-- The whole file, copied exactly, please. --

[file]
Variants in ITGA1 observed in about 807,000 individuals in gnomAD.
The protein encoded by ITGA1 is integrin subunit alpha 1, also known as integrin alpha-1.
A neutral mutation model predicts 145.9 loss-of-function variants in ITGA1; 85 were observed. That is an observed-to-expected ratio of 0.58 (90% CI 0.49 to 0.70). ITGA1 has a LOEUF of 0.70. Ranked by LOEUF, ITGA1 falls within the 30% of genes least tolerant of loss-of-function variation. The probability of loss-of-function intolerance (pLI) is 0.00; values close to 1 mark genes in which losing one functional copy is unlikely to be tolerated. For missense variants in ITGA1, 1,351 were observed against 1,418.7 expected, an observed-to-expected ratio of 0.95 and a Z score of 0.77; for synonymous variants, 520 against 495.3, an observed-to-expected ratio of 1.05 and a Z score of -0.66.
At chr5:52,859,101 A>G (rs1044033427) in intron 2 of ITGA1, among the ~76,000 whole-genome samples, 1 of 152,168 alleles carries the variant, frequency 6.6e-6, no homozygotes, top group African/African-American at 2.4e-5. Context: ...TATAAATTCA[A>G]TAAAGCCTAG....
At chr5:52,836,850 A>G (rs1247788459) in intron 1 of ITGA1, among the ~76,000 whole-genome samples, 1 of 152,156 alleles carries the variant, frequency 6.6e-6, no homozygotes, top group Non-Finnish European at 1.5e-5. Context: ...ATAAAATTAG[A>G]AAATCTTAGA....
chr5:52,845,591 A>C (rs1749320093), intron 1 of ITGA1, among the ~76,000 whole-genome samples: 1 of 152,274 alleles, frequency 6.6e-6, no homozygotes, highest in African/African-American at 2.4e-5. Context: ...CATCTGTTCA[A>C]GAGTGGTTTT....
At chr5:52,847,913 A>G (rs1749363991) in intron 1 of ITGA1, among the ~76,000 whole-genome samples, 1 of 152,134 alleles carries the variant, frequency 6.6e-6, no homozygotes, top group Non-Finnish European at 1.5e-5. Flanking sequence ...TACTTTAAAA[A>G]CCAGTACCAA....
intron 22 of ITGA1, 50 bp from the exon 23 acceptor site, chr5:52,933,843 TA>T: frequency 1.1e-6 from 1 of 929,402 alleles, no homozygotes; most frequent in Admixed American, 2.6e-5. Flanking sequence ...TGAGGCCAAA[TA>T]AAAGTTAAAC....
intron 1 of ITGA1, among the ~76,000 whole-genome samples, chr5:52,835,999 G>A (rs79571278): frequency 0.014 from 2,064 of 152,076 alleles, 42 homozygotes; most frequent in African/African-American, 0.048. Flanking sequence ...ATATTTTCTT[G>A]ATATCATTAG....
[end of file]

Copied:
Variants in ITGA1 observed in about 807,000 individuals in gnomAD.
The protein encoded by ITGA1 is integrin subunit alpha 1, also known as integrin alpha-1.
A neutral mutation model predicts 145.9 loss-of-function variants in ITGA1; 85 were observed. That is an observed-to-expected ratio of 0.58 (90% CI 0.49 to 0.70). ITGA1 has a LOEUF of 0.70. Ranked by LOEUF, ITGA1 falls within the 30% of genes least tolerant of loss-of-function variation. The probability of loss-of-function intolerance (pLI) is 0.00; values close to 1 mark genes in which losing one functional copy is unlikely to be tolerated. For missense variants in ITGA1, 1,351 were observed against 1,418.7 expected, an observed-to-expected ratio of 0.95 and a Z score of 0.77; for synonymous variants, 520 against 495.3, an observed-to-expected ratio of 1.05 and a Z score of -0.66.
At chr5:52,859,101 A>G (rs1044033427) in intron 2 of ITGA1, among the ~76,000 whole-genome samples, 1 of 152,168 alleles carries the variant, frequency 6.6e-6, no homozygotes, top group African/African-American at 2.4e-5. Context: ...TATAAATTCA[A>G]TAAAGCCTAG....
At chr5:52,836,850 A>G (rs1247788459) in intron 1 of ITGA1, among the ~76,000 whole-genome samples, 1 of 152,156 alleles carries the variant, frequency 6.6e-6, no homozygotes, top group Non-Finnish European at 1.5e-5. Context: ...ATAAAATTAG[A>G]AAATCTTAGA....
chr5:52,845,591 A>C (rs1749320093), intron 1 of ITGA1, among the ~76,000 whole-genome samples: 1 of 152,274 alleles, frequency 6.6e-6, no homozygotes, highest in African/African-American at 2.4e-5. Context: ...CATCTGTTCA[A>C]GAGTGGTTTT....
At chr5:52,847,913 A>G (rs1749363991) in intron 1 of ITGA1, among the ~76,000 whole-genome samples, 1 of 152,134 alleles carries the variant, frequency 6.6e-6, no homozygotes, top group Non-Finnish European at 1.5e-5. Flanking sequence ...TACTTTAAAA[A>G]CCAGTACCAA....
intron 22 of ITGA1, 50 bp from the exon 23 acceptor site, chr5:52,933,843 TA>T: frequency 1.1e-6 from 1 of 929,402 alleles, no homozygotes; most frequent in Admixed American, 2.6e-5. Flanking sequence ...TGAGGCCAAA[TA>T]AAAGTTAAAC....
intron 1 of ITGA1, among the ~76,000 whole-genome samples, chr5:52,835,999 G>A (rs79571278): frequency 0.014 from 2,064 of 152,076 alleles, 42 homozygotes; most frequent in African/African-American, 0.048. Flanking sequence ...ATATTTTCTT[G>A]ATATCATTAG....